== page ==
Conserved Signal Peptide Recognition Systems Across the Prokaryotic Domains.Coulthurst, S.J., Dawson, A., Hunter, W.N., Sargent, F.
(2012) Biochemistry 51: 1678
- PubMed: 22289056
- DOI: 10.1021/bi201852d
- Primary Citation of Related Structures:
- PubMed Abstract:
The twin-arginine translocation (Tat) pathway is a protein targeting system found in bacteria, archaea, and chloroplasts. Proteins are directed to the Tat translocase by N-terminal signal peptides containing SRRxFLK "twin-arginine" amino acid motifs. ...
The twin-arginine translocation (Tat) pathway is a protein targeting system found in bacteria, archaea, and chloroplasts. Proteins are directed to the Tat translocase by N-terminal signal peptides containing SRRxFLK "twin-arginine" amino acid motifs. The key feature of the Tat system is its ability to transport fully folded proteins across ionically sealed membranes. For this reason the Tat pathway has evolved for the assembly of extracytoplasmic redox enzymes that must bind cofactors, and so fold, prior to export. It is important that only cofactor-loaded, folded precursors are presented for export, and cellular processes have been unearthed that regulate signal peptide activity. One mechanism, termed "Tat proofreading", involves specific signal peptide binding proteins or chaperones. The archetypal Tat proofreading chaperones belong to the TorD family, which are dedicated to the assembly of molybdenum-dependent redox enzymes in bacteria. Here, a gene cluster was identified in the archaeon Archaeoglobus fulgidus that is predicted to encode a putative molybdenum-dependent tetrathionate reductase. The gene cluster also encodes a TorD family chaperone (AF0160 or TtrD) and in this work TtrD is shown to bind specifically to the Tat signal peptide of the TtrA subunit of the tetrathionate reductase. In addition, the 3D crystal structure of TtrD is presented at 1.35 Å resolution and a nine-residue binding epitope for TtrD is identified within the TtrA signal peptide close to the twin-arginine targeting motif. This work suggests that archaea may employ a chaperone-dependent Tat proofreading system that is similar to that utilized by bacteria.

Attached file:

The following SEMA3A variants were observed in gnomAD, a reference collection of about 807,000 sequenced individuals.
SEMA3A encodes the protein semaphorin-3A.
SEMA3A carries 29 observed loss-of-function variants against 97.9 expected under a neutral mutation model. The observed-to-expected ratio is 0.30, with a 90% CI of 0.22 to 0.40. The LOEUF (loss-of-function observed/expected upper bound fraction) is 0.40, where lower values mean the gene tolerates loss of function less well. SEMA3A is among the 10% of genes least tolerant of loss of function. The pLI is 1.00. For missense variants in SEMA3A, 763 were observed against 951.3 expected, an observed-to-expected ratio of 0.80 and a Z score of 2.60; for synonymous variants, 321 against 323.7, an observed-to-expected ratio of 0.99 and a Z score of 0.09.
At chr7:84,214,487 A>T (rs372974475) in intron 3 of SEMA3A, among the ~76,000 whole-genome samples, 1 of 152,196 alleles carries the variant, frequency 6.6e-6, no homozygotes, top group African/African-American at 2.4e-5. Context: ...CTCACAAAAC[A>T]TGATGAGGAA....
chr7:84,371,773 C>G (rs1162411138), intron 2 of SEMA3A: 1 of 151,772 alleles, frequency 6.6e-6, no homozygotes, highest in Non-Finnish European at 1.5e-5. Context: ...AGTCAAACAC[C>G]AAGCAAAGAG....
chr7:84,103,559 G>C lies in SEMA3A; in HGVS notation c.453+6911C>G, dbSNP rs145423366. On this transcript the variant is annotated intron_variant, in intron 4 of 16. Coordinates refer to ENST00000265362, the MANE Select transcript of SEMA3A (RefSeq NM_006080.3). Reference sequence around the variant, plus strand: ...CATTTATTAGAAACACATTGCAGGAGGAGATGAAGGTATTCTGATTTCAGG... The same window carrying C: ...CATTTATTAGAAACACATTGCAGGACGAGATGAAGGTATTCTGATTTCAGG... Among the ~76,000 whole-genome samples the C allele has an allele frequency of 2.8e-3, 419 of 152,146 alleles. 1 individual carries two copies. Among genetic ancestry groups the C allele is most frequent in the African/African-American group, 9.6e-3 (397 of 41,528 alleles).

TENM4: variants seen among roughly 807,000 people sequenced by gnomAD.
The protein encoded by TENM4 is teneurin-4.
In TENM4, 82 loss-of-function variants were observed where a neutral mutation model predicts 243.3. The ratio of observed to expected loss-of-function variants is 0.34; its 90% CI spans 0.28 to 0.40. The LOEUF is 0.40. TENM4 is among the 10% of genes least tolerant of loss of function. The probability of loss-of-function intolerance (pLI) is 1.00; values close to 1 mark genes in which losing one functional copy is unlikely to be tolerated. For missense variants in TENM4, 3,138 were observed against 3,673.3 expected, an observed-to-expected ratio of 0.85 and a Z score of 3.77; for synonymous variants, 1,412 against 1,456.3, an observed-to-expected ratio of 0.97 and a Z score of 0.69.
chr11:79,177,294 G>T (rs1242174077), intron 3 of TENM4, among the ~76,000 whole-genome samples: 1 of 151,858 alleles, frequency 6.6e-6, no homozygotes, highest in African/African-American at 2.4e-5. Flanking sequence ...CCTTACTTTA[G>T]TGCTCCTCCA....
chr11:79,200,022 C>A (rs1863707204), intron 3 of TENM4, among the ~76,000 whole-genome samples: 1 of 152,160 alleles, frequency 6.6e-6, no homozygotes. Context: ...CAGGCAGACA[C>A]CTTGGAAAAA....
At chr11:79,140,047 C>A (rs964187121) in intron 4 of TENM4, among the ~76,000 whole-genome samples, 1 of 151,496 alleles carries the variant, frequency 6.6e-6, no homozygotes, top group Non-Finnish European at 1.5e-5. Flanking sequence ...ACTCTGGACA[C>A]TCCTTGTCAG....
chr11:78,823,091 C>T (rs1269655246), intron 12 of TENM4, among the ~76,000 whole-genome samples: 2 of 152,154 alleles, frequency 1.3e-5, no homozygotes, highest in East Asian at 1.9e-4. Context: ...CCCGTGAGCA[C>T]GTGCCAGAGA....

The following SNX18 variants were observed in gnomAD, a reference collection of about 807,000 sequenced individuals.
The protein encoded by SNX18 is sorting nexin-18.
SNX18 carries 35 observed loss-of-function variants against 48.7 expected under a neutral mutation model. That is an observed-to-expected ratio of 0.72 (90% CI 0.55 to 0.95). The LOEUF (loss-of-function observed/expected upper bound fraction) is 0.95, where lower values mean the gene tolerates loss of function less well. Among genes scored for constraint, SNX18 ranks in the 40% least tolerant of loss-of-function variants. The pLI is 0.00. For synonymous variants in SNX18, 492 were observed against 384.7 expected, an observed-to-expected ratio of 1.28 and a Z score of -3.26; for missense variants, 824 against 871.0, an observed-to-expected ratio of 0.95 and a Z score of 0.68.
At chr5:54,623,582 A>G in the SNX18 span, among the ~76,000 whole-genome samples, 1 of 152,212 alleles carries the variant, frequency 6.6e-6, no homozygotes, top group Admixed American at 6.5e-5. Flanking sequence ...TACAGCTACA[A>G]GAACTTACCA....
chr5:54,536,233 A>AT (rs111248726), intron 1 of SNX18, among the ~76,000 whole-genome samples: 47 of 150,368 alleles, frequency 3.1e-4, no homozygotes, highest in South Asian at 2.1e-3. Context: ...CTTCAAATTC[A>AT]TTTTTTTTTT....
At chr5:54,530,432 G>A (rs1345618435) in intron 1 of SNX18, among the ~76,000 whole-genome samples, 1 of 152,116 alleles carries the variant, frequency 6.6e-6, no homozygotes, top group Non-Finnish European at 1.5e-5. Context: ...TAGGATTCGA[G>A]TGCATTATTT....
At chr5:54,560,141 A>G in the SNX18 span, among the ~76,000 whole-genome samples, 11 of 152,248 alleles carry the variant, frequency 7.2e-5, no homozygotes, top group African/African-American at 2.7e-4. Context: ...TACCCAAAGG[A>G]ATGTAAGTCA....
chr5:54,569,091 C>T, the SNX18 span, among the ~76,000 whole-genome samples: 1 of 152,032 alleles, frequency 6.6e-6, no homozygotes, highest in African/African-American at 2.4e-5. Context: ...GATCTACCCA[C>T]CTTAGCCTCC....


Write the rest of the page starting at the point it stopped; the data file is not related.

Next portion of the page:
College of Life Sciences, University of Dundee, Dundee DD1 5EH, Scotland, United Kingdom.